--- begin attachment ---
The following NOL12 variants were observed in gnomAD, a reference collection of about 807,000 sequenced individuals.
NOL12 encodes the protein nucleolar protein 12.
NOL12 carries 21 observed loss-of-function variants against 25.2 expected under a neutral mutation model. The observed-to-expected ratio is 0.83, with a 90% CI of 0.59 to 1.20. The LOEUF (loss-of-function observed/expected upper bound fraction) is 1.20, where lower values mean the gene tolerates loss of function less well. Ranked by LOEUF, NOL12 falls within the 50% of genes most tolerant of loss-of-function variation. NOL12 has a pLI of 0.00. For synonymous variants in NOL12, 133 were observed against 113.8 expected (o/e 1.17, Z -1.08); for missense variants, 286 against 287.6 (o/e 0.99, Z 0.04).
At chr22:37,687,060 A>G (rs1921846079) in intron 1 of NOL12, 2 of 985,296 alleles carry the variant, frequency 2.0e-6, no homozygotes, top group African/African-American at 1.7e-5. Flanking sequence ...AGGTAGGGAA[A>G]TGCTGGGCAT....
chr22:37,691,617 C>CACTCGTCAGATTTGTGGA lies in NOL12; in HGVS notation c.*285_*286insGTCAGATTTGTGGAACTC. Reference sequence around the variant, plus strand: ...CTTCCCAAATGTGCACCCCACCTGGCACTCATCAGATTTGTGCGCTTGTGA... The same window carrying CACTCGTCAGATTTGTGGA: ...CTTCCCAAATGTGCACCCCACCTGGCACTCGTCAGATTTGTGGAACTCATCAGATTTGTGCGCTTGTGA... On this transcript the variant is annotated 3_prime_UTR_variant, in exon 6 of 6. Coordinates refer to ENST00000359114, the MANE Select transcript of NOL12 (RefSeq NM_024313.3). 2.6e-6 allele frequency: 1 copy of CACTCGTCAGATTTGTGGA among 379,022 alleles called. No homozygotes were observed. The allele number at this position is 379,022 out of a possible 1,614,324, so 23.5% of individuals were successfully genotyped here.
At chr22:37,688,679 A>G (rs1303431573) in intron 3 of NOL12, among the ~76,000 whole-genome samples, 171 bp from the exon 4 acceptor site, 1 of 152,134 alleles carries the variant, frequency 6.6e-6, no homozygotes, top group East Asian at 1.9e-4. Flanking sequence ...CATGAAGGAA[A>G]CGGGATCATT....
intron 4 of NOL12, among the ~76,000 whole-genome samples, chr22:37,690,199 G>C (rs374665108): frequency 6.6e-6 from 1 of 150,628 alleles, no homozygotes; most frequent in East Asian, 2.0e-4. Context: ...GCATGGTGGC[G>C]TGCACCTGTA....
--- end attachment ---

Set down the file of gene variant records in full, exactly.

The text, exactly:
The following NOL12 variants were observed in gnomAD, a reference collection of about 807,000 sequenced individuals.
NOL12 encodes the protein nucleolar protein 12.
NOL12 carries 21 observed loss-of-function variants against 25.2 expected under a neutral mutation model. The observed-to-expected ratio is 0.83, with a 90% CI of 0.59 to 1.20. The LOEUF (loss-of-function observed/expected upper bound fraction) is 1.20, where lower values mean the gene tolerates loss of function less well. Ranked by LOEUF, NOL12 falls within the 50% of genes most tolerant of loss-of-function variation. NOL12 has a pLI of 0.00. For synonymous variants in NOL12, 133 were observed against 113.8 expected (o/e 1.17, Z -1.08); for missense variants, 286 against 287.6 (o/e 0.99, Z 0.04).
At chr22:37,687,060 A>G (rs1921846079) in intron 1 of NOL12, 2 of 985,296 alleles carry the variant, frequency 2.0e-6, no homozygotes, top group African/African-American at 1.7e-5. Flanking sequence ...AGGTAGGGAA[A>G]TGCTGGGCAT....
chr22:37,691,617 C>CACTCGTCAGATTTGTGGA lies in NOL12; in HGVS notation c.*285_*286insGTCAGATTTGTGGAACTC. Reference sequence around the variant, plus strand: ...CTTCCCAAATGTGCACCCCACCTGGCACTCATCAGATTTGTGCGCTTGTGA... The same window carrying CACTCGTCAGATTTGTGGA: ...CTTCCCAAATGTGCACCCCACCTGGCACTCGTCAGATTTGTGGAACTCATCAGATTTGTGCGCTTGTGA... On this transcript the variant is annotated 3_prime_UTR_variant, in exon 6 of 6. Coordinates refer to ENST00000359114, the MANE Select transcript of NOL12 (RefSeq NM_024313.3). 2.6e-6 allele frequency: 1 copy of CACTCGTCAGATTTGTGGA among 379,022 alleles called. No homozygotes were observed. The allele number at this position is 379,022 out of a possible 1,614,324, so 23.5% of individuals were successfully genotyped here.
At chr22:37,688,679 A>G (rs1303431573) in intron 3 of NOL12, among the ~76,000 whole-genome samples, 171 bp from the exon 4 acceptor site, 1 of 152,134 alleles carries the variant, frequency 6.6e-6, no homozygotes, top group East Asian at 1.9e-4. Flanking sequence ...CATGAAGGAA[A>G]CGGGATCATT....
intron 4 of NOL12, among the ~76,000 whole-genome samples, chr22:37,690,199 G>C (rs374665108): frequency 6.6e-6 from 1 of 150,628 alleles, no homozygotes; most frequent in East Asian, 2.0e-4. Context: ...GCATGGTGGC[G>C]TGCACCTGTA....